And Zeezrom said unto him: Thou sayest there is a true and living God?

And Amulek said: Yea, there is a true and living God.

Now Zeezrom said: Is there more than one God?

And he answered, No.

Now Zeezrom said unto him again: How knowest thou these things?

And he said: An angel hath made them known unto me.

And Zeezrom said again: Who is he that shall come? Is it the Son of God?

And he said unto him, Yea.

And Zeezrom said again: Shall he save his people in their sins?

And Amulek answered and said unto him: I say unto you he shall not, for it is impossible for him to deny his word. (Alma 11:26–34)

Although Zeezrom was clearly questioning Amulek in a manner that suggests he was trying to trap him, Amulek gives straightforward answers to his questions. However, he responds differently to Zeezrom’s question in verse 38: “Now Zeezrom saith again unto him: Is the Son of God the very Eternal Father?”

Instead of giving a brief response, Amulek testifies of Jesus Christ, the Resurrection, and the Judgment. In response to this testimony, Zeezrom begins to tremble. The next time Zeezrom asks a question, his manner has changed even more: “And Zeezrom began to inquire of them diligently, that he might know more concerning the kingdom of God. And he said unto Alma: What does this mean which Amulek hath spoken concerning the resurrection of the dead, that all shall rise from the dead, both the just and the unjust, and are brought to stand before God to be judged according to their works?” (Alma 12:8).

Notice the change in this once cynical questioner. Now Zeezrom really wants to learn. Teachers who treat disrespectful questioners with respect, and when appropriate, respond to questions with sincere testimony, may find that the questioners’ hearts soften and that the nature of their questions changes.

Scriptural lesson 3: Some students will not directly ask the teacher questions, but will instead approach their peers. Helaman 5 contains the account of Nephi and Lehi preaching to a group of Lamanites and Nephite dissenters. Among the group was a man named Aminadab, “who was a Nephite by birth, who had once belonged to the church of God but had dissented from them” (Helaman 5:35).

During Nephi and Lehi’s sermon, the people were encircled with a cloud of darkness. Understandably they were concerned. They turned, however, not to Nephi or Lehi, but to Aminadab, saying, “Behold, what do all these things mean, and who is it with whom these men do converse?” (Helaman 5:38).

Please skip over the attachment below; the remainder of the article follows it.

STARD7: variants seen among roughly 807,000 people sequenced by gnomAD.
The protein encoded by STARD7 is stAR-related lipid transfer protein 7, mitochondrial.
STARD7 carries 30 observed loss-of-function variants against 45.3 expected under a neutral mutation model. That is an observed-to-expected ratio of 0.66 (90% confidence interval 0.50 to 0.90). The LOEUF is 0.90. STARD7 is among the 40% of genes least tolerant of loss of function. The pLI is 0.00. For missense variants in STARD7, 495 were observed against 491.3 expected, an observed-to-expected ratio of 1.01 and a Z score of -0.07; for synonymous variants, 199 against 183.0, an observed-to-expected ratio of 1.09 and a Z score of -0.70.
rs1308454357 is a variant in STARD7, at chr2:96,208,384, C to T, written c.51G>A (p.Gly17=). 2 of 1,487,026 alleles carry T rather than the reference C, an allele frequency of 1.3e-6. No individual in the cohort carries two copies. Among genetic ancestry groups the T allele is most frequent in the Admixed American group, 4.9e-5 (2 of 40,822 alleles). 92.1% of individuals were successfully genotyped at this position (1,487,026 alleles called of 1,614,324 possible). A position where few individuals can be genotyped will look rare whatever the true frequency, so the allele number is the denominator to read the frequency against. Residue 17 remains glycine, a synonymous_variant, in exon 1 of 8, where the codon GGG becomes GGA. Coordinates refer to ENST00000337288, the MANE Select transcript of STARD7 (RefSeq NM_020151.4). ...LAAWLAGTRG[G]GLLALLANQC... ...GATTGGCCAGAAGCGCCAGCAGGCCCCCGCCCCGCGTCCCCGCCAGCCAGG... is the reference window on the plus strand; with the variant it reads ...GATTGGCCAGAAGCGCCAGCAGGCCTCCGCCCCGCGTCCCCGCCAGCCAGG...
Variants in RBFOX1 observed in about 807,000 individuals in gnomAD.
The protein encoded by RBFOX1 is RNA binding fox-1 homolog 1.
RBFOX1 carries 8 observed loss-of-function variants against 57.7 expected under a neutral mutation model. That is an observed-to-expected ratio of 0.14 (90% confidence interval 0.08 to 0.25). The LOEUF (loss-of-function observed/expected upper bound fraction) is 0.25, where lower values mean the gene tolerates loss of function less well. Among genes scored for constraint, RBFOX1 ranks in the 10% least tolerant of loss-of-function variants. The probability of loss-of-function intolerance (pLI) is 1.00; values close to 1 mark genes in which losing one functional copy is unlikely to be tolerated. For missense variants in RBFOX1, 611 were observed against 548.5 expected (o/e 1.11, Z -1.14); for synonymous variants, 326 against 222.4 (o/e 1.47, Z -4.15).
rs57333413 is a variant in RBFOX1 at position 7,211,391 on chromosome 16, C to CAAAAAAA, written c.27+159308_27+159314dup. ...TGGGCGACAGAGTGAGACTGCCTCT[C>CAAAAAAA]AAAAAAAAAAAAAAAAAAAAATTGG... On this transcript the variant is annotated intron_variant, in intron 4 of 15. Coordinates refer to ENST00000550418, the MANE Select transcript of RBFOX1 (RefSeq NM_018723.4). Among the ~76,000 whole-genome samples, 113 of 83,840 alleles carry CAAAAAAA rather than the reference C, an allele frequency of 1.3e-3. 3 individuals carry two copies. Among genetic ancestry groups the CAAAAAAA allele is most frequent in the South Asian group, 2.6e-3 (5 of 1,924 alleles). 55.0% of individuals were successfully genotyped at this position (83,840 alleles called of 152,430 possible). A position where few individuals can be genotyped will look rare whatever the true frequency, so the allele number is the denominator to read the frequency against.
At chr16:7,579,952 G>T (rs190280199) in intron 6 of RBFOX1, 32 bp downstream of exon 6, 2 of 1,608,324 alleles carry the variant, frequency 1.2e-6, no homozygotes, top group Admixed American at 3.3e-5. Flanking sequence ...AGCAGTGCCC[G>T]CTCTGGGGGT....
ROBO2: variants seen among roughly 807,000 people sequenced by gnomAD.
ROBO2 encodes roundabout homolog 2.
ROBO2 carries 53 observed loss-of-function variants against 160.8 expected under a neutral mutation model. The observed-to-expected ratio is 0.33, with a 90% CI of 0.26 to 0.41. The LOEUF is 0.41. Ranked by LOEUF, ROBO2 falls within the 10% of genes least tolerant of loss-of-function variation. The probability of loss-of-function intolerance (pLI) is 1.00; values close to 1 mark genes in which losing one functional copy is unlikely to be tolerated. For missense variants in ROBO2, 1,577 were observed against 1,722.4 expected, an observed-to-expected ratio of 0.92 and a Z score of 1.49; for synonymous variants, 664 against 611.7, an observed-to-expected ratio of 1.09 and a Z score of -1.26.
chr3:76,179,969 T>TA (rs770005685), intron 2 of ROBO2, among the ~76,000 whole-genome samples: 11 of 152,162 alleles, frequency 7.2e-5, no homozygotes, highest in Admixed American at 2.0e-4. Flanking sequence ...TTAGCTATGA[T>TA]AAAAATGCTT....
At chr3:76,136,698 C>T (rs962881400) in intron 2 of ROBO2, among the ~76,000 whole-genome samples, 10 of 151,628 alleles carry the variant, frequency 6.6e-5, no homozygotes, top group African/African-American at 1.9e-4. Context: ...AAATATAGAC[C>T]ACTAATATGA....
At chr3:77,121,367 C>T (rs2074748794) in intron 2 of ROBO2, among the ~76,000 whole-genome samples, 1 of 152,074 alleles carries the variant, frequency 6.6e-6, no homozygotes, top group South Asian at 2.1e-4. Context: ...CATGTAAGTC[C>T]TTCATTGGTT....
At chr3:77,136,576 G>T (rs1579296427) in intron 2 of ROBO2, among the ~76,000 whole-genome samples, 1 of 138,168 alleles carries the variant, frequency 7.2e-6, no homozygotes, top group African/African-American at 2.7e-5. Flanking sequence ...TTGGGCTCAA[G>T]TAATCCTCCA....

In 1 Nephi 15, after Laman and Lemuel heard their father preach about the vision of the tree of life, they approached not Lehi, but Nephi, saying, “Behold, we cannot understand the words which our father hath spoken concerning the natural branches of the olive-tree, and also concerning the Gentiles” (1 Nephi 15:7).

Why did they ask Nephi instead of asking their father directly? We may never know all the reasons; nevertheless, it is significant that they turned to a sibling.

These two examples illustrate that at times, students with questions will turn to a peer instead of a teacher. How can a teacher use this insight to help students? One way is to ask the class, “What are questions that some of your friends have asked you?” By doing this, the teacher will become more attuned to the questions on the minds of his or her students. Furthermore, the fact that students are being approached with questions makes it very likely that some in the class are wondering about the same issues. The teacher could ask the class, “How have you answered those questions?” This would give students an opportunity to practice answering questions and provide answers for their peers who have the same questions.

Another way teachers can apply this principle is by giving students opportunities to answer in class questions that they will likely be asked outside of class. For example, when teaching about the Word of Wisdom, a teacher could recognize that many students will be asked a question like this, “Why does your church not allow you to drink alcohol?”